How buyers can capitalise on a changing property market

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9 October 2014| Sue Williams| Domain

The property market is steadily turning into an excellent one for buyers, experts say, with the number of homes up for auction yesterday setting an October record and even more homes likely to go under the hammer in the next few weekends.

Auction clearance rates are dropping and prices are increasing at a much slower pace than at any time in the last three years, setting the stage for a buyers’ bonanza.

“The market is now becoming much more balanced away from sellers,” says Domain Group senior economist Dr Andrew Wilson.

“Buyers can now embrace a wider choice of homes, no longer outrageous rates of price growth, and still very low interest rates. It’s still not yet a buyers’ market, but it is turning downwards.”

That’s proved excellent news for HR director Lauren Peacock, 36, and warehouse manager Clarinda Tuzon, 40. The couple have just bought a three-bedroom, three-bathroom house on a 250-square-metre block in the Sydney south-eastern suburb of Botany for $960,000 after making a pre-auction offer after its first open for inspection.

“We were pretty lucky, and we think we got it for a very good price,” says Peacock. “I wanted to get it taken off the market and we didn’t want to go to auction.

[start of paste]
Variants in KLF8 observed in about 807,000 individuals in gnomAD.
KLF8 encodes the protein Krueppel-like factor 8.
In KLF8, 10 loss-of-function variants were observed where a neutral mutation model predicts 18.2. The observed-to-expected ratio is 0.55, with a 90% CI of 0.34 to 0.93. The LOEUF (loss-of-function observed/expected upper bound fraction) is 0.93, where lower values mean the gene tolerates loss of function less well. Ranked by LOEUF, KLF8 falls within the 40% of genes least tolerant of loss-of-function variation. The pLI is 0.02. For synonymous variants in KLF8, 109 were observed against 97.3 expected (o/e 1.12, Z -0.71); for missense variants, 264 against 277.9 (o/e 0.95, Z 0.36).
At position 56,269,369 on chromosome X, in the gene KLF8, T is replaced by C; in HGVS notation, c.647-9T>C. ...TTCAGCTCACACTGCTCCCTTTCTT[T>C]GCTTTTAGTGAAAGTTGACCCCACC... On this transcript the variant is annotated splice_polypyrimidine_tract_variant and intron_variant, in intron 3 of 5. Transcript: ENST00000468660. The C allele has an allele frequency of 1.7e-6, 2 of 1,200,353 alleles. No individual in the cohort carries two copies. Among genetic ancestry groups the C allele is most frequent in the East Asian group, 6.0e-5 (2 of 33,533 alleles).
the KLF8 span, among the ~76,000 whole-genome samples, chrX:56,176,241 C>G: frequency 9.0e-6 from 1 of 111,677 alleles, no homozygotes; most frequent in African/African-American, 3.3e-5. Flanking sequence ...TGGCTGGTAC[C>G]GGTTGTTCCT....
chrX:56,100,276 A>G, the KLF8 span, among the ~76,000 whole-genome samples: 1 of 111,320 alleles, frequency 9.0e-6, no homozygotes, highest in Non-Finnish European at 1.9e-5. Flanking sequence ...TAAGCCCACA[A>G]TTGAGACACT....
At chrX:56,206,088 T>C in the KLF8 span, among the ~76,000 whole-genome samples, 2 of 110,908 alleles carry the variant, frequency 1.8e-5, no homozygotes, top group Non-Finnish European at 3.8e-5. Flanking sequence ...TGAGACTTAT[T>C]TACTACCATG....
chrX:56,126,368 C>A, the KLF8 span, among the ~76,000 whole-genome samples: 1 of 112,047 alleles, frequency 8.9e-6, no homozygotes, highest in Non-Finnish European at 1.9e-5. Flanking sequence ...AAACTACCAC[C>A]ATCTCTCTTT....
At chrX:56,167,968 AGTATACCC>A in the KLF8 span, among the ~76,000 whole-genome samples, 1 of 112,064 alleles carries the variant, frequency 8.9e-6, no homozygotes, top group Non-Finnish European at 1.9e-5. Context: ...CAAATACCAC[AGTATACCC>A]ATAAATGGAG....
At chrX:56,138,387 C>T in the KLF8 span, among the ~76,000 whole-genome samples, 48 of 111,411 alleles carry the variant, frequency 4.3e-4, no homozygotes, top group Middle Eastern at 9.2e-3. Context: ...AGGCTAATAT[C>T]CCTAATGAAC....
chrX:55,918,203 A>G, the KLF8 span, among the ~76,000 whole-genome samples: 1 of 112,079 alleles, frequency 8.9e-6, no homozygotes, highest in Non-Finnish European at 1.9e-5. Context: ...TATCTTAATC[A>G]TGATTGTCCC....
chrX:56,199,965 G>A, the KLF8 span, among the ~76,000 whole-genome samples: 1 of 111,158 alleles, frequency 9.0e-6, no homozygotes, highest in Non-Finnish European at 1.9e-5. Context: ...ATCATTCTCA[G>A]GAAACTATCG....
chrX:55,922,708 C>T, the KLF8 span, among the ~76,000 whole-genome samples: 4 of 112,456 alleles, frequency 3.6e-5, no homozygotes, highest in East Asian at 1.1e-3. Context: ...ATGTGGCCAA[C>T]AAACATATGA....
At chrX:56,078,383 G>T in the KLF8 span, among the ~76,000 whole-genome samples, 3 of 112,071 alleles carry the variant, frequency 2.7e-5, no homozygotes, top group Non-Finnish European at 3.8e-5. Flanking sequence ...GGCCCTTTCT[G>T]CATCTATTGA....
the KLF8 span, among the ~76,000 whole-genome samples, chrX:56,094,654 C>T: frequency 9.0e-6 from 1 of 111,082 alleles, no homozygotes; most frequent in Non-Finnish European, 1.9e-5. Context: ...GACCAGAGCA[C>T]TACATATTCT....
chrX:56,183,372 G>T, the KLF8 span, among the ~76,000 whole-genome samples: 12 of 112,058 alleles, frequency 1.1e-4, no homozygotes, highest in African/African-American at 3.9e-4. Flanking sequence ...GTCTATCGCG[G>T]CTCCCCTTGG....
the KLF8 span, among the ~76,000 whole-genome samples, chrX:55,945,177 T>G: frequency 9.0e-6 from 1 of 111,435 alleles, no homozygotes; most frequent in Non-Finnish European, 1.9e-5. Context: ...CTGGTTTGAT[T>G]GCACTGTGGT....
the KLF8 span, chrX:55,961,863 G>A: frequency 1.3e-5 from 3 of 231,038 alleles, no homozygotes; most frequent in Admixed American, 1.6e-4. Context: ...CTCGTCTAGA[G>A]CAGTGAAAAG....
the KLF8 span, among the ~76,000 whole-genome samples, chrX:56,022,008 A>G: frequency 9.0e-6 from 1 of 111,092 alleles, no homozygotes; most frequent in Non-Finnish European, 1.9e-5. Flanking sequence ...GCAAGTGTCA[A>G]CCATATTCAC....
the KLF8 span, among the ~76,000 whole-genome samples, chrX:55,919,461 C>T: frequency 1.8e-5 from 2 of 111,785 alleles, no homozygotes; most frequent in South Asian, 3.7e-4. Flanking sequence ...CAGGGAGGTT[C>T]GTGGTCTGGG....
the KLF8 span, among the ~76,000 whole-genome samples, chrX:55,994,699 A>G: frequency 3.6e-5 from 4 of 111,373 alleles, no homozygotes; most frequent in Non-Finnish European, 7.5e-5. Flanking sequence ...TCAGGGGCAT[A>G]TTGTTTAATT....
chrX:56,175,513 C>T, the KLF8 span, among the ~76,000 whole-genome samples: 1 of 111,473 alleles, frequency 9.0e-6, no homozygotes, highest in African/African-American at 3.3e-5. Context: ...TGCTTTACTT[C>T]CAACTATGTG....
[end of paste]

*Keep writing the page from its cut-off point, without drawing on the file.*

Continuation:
“The market is still hot, but you can feel the frenzy isn’t there any more,” she says.

“You’ve still got to be aggressive in this market, though, and I think we got a very good buy as a result.”

Clearance rates are softening everywhere, but are now lowest in the outer suburbs – 56.1 per cent in the south west, 56.7 per cent in the west and 66.7 per cent in the south – where affordability is still the most favourable, too.

But for the best buys of all in this market, Chris Curtis, principal of buyers’ agents Curtis Associates, recommends looking out for the diamonds in the rough: lesser-quality homes with potential for improvement.

That work might put off other buyers and, in the absence of as much competition, enable people who are willing to renovate to drive a hard bargain with vendors.

“At this stage in the slowdown curve, vendors are nervous and feel uncertain what’s going to happen,” says Curtis.

“So you’ve got to play the psychological game. But the market has definitely peaked and it’s a wonderful time for buyers.”

As a general rule of thumb, he says it’s always better for buyers to avoid auctions, and make a pre-auction offer instead, under the theory that it’s easier to ease a horse into a canter when you’re already on its back, rather than jumping on when it’s galloping.

Patrick Nolan, head of home loans for industry super fund-owned bank ME, says that should involve checking out the prices of nearby properties that have recently sold, finding out how many contracts have been issued to judge the level of buyer interest, and then making a strong offer that’s likely to tempt the seller.

“But if your pre-auction offer is rejected, be prepared to walk away,” Nolan says.

“The property could be passed in at auction, and the agent may get in touch to see if you’re still interested.”

Yet, above all, buyers should never lose their focus on what will suit them in the long term, says Spencer & Servi agent David Servi. “No one should panic or buy something they aren’t sure about.

“It’s always about the fundamentals of finding the right property, and one that someone’s going to be happy paying off a mortgage on,” he says.

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